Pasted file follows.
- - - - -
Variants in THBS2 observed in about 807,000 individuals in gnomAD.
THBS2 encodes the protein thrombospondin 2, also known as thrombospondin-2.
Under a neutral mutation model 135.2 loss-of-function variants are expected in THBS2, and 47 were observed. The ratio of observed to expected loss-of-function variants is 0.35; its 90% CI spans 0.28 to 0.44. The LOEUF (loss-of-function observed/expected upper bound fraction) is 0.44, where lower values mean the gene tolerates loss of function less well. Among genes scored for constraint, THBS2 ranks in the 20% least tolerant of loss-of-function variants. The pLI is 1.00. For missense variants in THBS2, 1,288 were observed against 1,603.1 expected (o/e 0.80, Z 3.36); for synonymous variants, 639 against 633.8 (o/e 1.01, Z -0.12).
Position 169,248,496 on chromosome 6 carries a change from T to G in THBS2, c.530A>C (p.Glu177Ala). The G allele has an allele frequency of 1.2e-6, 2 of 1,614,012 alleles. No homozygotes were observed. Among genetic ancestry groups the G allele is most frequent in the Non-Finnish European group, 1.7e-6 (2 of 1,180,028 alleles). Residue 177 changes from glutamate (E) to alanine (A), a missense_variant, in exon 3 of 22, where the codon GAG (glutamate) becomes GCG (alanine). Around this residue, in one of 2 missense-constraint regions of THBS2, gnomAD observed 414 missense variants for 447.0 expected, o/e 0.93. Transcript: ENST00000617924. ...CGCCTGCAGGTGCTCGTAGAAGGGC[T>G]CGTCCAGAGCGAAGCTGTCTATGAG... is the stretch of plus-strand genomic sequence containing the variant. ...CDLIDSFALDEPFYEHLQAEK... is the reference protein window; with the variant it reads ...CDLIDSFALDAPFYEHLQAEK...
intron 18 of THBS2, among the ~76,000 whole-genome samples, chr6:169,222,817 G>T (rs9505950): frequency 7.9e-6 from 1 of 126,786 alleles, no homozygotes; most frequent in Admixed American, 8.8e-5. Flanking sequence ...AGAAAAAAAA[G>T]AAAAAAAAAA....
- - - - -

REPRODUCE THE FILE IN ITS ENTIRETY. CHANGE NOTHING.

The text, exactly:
Variants in THBS2 observed in about 807,000 individuals in gnomAD.
THBS2 encodes the protein thrombospondin 2, also known as thrombospondin-2.
Under a neutral mutation model 135.2 loss-of-function variants are expected in THBS2, and 47 were observed. The ratio of observed to expected loss-of-function variants is 0.35; its 90% CI spans 0.28 to 0.44. The LOEUF (loss-of-function observed/expected upper bound fraction) is 0.44, where lower values mean the gene tolerates loss of function less well. Among genes scored for constraint, THBS2 ranks in the 20% least tolerant of loss-of-function variants. The pLI is 1.00. For missense variants in THBS2, 1,288 were observed against 1,603.1 expected (o/e 0.80, Z 3.36); for synonymous variants, 639 against 633.8 (o/e 1.01, Z -0.12).
Position 169,248,496 on chromosome 6 carries a change from T to G in THBS2, c.530A>C (p.Glu177Ala). The G allele has an allele frequency of 1.2e-6, 2 of 1,614,012 alleles. No homozygotes were observed. Among genetic ancestry groups the G allele is most frequent in the Non-Finnish European group, 1.7e-6 (2 of 1,180,028 alleles). Residue 177 changes from glutamate (E) to alanine (A), a missense_variant, in exon 3 of 22, where the codon GAG (glutamate) becomes GCG (alanine). Around this residue, in one of 2 missense-constraint regions of THBS2, gnomAD observed 414 missense variants for 447.0 expected, o/e 0.93. Transcript: ENST00000617924. ...CGCCTGCAGGTGCTCGTAGAAGGGC[T>G]CGTCCAGAGCGAAGCTGTCTATGAG... is the stretch of plus-strand genomic sequence containing the variant. ...CDLIDSFALDEPFYEHLQAEK... is the reference protein window; with the variant it reads ...CDLIDSFALDAPFYEHLQAEK...
intron 18 of THBS2, among the ~76,000 whole-genome samples, chr6:169,222,817 G>T (rs9505950): frequency 7.9e-6 from 1 of 126,786 alleles, no homozygotes; most frequent in Admixed American, 8.8e-5. Flanking sequence ...AGAAAAAAAA[G>T]AAAAAAAAAA....